After submitting a complete application on the CCD licensing portal, the CCD will review your application for compliance with all requirements and also determine if all the required documents and information are provided. If an application is deemed incomplete, the CCD will notify the applicant through the email address on file and indicate the missing information. Failure to re-submit a complete application with the missing information will lead to the CCD closing the application and deeming it incomplete. Consequently, the Division will deny licensure per the New Mexico Uniform Licensing Act. Licensing fees paid for incomplete applications are non-refundable. A new application will be required to restart the application process.
Based on the request of an applicant, the CCD may issue a provisional license letter upon written request. A provisional license letter will state contingencies that the applicant must obtain documents that may be pending approval of the cannabis establishment or must be obtained from other local jurisdictions or state agencies for the application to be deemed complete. Per the provisional license letter, final licensing is conditional on meeting the requirements stated in the letter. Note that a provisional license does not authorize an applicant to commence operations in the cannabis establishment.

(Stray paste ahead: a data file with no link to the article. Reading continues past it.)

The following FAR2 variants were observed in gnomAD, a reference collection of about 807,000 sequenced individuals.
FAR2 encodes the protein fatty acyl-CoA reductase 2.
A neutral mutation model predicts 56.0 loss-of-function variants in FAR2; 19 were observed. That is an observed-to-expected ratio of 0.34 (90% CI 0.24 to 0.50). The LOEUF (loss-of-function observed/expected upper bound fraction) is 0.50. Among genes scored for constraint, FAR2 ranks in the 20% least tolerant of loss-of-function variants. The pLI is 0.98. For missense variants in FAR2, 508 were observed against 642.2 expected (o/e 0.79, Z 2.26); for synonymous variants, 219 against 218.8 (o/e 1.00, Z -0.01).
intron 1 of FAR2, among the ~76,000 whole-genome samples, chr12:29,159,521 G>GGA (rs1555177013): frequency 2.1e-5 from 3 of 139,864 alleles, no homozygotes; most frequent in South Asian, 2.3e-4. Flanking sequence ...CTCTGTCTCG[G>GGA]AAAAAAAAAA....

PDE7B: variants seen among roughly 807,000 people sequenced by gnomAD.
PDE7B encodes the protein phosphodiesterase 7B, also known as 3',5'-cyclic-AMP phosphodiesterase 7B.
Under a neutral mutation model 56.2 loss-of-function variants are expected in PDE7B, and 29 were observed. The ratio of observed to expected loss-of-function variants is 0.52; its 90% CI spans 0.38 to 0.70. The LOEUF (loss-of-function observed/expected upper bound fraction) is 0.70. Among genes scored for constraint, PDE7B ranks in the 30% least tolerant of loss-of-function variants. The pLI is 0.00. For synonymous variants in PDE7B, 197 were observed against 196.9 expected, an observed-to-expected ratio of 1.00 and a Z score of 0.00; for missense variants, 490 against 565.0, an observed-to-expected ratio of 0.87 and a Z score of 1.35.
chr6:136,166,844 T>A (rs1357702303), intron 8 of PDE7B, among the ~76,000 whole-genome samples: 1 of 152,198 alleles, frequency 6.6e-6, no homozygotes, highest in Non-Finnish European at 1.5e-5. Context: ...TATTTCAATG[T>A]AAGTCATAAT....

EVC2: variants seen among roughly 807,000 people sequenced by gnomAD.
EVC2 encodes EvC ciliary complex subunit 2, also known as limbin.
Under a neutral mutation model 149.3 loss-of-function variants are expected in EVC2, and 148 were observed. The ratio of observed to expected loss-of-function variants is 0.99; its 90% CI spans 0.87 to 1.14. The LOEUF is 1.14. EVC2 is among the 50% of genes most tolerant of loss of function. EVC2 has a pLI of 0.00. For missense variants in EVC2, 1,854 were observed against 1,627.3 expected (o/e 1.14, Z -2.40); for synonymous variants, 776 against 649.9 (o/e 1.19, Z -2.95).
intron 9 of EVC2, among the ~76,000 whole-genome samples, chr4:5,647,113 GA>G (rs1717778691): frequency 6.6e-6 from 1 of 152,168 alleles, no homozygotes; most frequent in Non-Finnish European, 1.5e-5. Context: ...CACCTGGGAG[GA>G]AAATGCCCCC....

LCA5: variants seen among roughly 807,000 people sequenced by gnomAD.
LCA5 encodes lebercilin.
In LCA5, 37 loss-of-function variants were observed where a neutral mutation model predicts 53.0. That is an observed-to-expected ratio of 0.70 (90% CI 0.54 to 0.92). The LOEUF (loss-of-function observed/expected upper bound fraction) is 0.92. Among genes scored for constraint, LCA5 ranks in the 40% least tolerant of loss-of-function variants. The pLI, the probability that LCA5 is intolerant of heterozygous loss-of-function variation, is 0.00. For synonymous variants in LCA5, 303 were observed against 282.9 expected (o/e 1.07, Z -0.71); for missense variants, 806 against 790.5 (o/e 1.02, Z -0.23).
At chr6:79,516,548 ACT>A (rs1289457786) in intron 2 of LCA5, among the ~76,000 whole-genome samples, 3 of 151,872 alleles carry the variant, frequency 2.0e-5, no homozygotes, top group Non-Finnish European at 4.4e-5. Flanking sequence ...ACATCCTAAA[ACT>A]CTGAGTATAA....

The CCD permits applicants to withdraw their applications at any time before the Division makes a final determination on the applications. However, the applicant must write, date, and sign such withdrawal requests before filing them with the Division. Fees paid for withdrawn applications are also non-refundable. A withdrawn application does not preclude an applicant from reapplying at a later date. However, a new application and licensing fee will be required.
According to the CCD, the cannabis research laboratory license costs $2,500 and additional $1,000 for each licensed premises. The license is only valid for one year and may be renewed at the same cost as the initial licensing fee.
The New Mexico Cannabis Regulation Act does not limit the types of cannabis business licenses that licensed research laboratories in the state may hold. The New Mexico CRA permits cannabis business licensees in the state to conduct any approved marijuana activity or a combination of lawful activities at their licensed premises, provided that the licensees have not obtained their licenses under the New Mexico Liquor Control Act.